* This is one of many cute expressions I once heard my ex's Missouri mom use, and I just like it. The ex's parents were always a couple of charming, interesting people and I really liked them a lot.

Wednesday, March 12, 2008

My Mind Is Now Thumbing Through Its Rolodex, Enjoying All the Hose Jokes

So the kiddo and I are on our second round of colds and I've been feeling crummy. Having to sleep sitting up with a cough drop in your mouth will do that to you. We tried to make the best of it, hanging out on Sunday and playing Junior M*n*p*ly like a couple of real estate-grabbin' fools. The kiddo kept wanting to pay for things in odd combinations of bills so he could get change from the bank -- too funny. On Monday, I needed to pick up a prescription, so off we went to the cheapest pharmacy in town: W*l-M*rt. If you don't have any qualms about shopping there, and don't already know about the cheap prescriptions they offer, allow me to be the first to tell you: four-dollar prescriptions for a ton of common and generic medications. Not even my doctor knew about this. Shocking!!

Anyway, since we were feeling like utter crap on Monday, we got a late start and wound up driving to the pharmacy in the late afternoon/early evening. We grabbed my refill, along with a couple of other necessities like mac-n-cheese and conditioner, and headed out to the car.

Everything was fine until we got about two freeway exits along our six-mile drive and the temperature indicator lit up on the dashboard. I immediately pulled over and saw smoke/steam coming from under the hood. I'd just put water/coolant in the engine in the past week, so I knew we'd probably busted a hose. Great! Still, I wasn't sure if we should stay in the car or get away from it, so the kiddo and I climbed up the embankment a bit with our groceries and I started making phone calls and figuring out what to do. (I didn't want to crank up the heater and just drive the car because I wasn't within sight of an exit.)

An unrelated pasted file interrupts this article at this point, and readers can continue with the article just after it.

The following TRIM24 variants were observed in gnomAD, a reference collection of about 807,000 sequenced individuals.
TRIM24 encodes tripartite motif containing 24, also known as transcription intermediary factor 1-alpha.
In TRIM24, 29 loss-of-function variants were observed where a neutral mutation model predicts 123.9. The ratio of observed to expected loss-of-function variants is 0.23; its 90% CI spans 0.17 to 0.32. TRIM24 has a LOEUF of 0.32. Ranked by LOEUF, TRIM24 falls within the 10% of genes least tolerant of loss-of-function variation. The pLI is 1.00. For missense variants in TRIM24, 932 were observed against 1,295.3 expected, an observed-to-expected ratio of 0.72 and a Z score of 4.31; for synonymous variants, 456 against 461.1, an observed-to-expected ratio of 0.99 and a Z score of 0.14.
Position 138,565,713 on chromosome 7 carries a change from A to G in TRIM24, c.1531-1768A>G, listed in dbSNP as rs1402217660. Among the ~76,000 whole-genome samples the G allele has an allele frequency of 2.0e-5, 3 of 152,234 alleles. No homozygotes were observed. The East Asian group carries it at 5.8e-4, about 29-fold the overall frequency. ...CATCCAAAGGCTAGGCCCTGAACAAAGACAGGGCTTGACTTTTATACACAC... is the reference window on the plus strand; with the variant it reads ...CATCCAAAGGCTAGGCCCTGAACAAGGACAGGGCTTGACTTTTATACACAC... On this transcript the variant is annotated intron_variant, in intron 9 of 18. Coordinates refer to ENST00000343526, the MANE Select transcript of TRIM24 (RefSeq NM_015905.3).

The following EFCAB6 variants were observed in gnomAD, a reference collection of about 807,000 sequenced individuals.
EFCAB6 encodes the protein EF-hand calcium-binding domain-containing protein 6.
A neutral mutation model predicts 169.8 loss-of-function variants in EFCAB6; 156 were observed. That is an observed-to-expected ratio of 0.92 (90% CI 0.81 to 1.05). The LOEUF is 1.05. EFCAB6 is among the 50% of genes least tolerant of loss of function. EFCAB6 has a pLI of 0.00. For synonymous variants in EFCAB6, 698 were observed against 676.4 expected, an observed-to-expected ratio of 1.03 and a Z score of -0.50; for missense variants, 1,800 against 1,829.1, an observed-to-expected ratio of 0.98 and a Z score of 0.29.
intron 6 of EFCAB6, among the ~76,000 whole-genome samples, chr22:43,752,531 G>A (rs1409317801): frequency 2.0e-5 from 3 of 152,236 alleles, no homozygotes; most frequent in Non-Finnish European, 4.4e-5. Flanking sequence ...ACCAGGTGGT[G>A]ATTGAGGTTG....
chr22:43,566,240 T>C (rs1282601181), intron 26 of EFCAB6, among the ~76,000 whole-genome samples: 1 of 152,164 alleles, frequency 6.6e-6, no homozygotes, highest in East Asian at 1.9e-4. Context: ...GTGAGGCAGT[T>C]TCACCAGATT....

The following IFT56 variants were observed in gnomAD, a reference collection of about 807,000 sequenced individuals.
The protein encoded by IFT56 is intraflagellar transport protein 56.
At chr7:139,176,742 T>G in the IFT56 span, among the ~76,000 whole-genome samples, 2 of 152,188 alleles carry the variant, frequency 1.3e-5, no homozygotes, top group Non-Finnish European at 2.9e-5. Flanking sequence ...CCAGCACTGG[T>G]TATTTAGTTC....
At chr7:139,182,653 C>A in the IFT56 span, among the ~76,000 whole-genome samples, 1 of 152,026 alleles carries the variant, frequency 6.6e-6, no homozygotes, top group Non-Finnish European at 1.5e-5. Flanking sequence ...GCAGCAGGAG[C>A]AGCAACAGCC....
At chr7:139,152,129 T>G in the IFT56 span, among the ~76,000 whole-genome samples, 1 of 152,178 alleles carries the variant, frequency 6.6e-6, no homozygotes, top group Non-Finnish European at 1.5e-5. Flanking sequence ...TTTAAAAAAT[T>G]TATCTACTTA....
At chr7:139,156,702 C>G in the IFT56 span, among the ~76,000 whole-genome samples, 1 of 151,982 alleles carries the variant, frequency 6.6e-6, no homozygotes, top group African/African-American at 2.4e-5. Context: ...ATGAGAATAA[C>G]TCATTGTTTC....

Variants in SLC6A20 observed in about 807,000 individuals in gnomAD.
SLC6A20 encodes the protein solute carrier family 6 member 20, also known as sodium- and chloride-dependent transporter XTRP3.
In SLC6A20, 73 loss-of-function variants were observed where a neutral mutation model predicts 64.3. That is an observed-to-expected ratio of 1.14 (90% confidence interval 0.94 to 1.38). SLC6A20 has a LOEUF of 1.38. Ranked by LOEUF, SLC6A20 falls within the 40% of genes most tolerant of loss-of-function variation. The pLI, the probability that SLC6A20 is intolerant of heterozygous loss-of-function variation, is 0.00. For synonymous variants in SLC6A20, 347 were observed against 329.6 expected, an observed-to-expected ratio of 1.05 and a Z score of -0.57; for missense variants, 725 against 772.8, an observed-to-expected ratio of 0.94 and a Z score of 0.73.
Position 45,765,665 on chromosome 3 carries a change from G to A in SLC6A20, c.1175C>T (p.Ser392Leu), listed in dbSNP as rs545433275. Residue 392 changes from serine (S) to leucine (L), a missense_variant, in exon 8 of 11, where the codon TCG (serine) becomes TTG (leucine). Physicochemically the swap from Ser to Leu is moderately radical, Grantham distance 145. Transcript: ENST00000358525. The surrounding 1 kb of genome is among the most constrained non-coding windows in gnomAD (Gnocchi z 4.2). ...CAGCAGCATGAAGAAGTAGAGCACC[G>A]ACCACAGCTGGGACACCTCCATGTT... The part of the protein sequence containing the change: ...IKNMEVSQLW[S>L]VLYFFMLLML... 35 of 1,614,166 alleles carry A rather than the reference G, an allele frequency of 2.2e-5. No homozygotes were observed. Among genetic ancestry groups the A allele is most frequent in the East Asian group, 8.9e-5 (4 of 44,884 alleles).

The kiddo was, well, a little afraid. And lemme tell you, nothing helps me think more clearly than a hysterical seven-year-old sobbing and clutching at me and asking me, "ARE WE GOING TO DIE?? ARE WE GOING TO MAKE IT OUT OF HERE ALIVE?? PLEASE, PLEASE JUST TELL ME WE'RE GOING TO MAKE IT OUT OF HERE ALIVE!! I'M TRYING TO FIND MY BRAVERY BUT ARE WE GOING TO DIE?? BE HONEST!!"

Oh, and it was just starting to get a little bit dark.